reintermediation

What Is Reintermediation? Reintermediation In A Nutshell

Reintermediation consists in the process of introducing again an intermediary that had previously been cut out from the supply chain. Or perhaps by creating a new intermediary that once didn’t exist. Usually, as a market is redefined, old players get cut out, and new players within the supply chain are born as a result.

Case study: Amazon last-mile delivery

last-mile-delivery
Last-mile delivery consists of the set of activities in a supply chain that will bring the service and product to the final customer. The name “last mile” derives from the fact that indeed this usually refers to the final part of the supply chain journey, and yet this is extremely important, as it’s the most exposed, consumer-facing part.

As Amazon tried to figure out last-mile delivery, the company might also over time disintermediate the old delivery industry, which suddenly might be cut out from the supply chain.

disintermediation
Disintermediation is the process in which intermediaries are removed from the supply chain, so that the middlemen who get cut out, make the market overall more accessible and transparent to the final customers. Therefore, in theory, the supply chain gets more efficient and, all in all can produce products that customers want.

As this process happens, and the new market is defined by Amazon, new intermediaries, that have learned to play according to Amazon rules will form.

Creating a whole new intermediary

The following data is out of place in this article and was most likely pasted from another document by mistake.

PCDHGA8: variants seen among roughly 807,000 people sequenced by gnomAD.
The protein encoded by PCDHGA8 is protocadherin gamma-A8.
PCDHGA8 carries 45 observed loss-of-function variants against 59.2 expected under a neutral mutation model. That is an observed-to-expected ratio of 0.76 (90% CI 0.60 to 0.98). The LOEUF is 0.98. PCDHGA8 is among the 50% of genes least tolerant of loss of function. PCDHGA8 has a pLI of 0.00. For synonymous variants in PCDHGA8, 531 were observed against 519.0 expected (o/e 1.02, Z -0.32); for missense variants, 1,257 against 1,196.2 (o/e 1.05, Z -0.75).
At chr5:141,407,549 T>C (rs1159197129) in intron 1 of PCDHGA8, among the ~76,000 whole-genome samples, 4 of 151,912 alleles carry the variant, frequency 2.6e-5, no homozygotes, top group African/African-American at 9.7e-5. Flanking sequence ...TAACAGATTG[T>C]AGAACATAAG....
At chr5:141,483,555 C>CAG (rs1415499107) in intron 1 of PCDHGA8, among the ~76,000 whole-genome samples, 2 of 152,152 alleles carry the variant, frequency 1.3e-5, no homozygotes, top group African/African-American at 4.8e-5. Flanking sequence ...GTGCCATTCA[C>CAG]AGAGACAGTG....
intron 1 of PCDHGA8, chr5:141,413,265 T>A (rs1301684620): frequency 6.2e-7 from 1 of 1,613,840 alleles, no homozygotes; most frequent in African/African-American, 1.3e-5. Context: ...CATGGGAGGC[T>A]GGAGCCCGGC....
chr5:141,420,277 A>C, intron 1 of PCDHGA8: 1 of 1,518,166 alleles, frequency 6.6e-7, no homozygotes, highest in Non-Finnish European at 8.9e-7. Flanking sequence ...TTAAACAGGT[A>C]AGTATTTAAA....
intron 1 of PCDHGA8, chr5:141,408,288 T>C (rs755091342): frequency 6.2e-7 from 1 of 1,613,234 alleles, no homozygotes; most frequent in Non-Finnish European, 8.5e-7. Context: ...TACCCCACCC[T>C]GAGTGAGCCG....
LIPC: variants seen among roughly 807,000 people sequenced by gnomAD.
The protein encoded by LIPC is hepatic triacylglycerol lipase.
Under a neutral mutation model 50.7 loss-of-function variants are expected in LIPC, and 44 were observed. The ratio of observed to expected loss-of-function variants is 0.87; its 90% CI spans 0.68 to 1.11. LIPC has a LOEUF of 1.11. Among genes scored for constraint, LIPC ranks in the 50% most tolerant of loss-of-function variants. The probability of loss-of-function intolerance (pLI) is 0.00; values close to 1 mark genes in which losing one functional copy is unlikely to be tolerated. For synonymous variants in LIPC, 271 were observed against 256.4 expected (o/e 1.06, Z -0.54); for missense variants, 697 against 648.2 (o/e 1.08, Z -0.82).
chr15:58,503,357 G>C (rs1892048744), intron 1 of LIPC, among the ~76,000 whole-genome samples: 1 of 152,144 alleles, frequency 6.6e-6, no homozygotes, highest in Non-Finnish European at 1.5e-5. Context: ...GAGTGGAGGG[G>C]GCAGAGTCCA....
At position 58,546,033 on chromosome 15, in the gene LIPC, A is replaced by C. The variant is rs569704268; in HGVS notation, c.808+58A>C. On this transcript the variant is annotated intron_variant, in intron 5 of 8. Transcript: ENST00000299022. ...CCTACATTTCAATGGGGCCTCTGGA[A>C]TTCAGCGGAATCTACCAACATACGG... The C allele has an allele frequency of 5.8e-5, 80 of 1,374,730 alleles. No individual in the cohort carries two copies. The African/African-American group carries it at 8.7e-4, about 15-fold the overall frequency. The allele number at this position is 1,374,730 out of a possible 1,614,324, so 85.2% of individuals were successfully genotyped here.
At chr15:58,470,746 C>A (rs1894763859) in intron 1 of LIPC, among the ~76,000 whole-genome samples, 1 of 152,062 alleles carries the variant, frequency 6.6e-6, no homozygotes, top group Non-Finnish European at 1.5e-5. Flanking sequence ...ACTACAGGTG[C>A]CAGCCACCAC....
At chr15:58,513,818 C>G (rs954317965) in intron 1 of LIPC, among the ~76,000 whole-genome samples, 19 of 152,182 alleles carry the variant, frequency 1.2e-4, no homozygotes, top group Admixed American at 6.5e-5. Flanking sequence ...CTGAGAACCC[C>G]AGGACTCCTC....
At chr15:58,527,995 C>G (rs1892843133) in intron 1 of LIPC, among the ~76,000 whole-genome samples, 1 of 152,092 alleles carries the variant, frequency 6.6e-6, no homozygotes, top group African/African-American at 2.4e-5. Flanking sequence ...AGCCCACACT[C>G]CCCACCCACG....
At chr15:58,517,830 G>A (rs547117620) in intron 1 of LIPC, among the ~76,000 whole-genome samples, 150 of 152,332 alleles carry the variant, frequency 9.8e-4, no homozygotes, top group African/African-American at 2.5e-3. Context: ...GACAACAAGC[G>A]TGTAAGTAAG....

For instance, as Amazon has been figuring out the last-mile problem it also approached it with a new program, launched in 2018, called Delivery Service Partner.

Or simply put, a startup that gets helped by Amazon to become an independent contractor (under the rules of Amazon) that delivers packages for the company. Thus, Amazon disintermediates the old carriers, builds up a new system, which is comprised of new intermediaries.

Yet those will follow Amazon‘s rules and policies.

The loop of intermediation and disintermediation

The evolution of the Internet moves from phases of disintermediation, extremely helpful to remove old logic, that does not work anymore in current market conditions, to establish new systems.

As those new systems are established though, reintermediation might take place for several reasons. First, it might be the key player, once disintermediating, now to incentivize reintermediation, to gain more control over the market. Second, as the market adjusts to this new reality new intermediaries learn the logic of this new market and try to capture some value within the supply chain.

Connected Business Concepts

pirate-metrics
Venture capitalist, Dave McClure, coined the acronym AARRR which is a simplified model that enables us to understand what metrics and channels to look at, at each stage for the users’ path toward becoming customers and referrers of a brand.
north-star-metric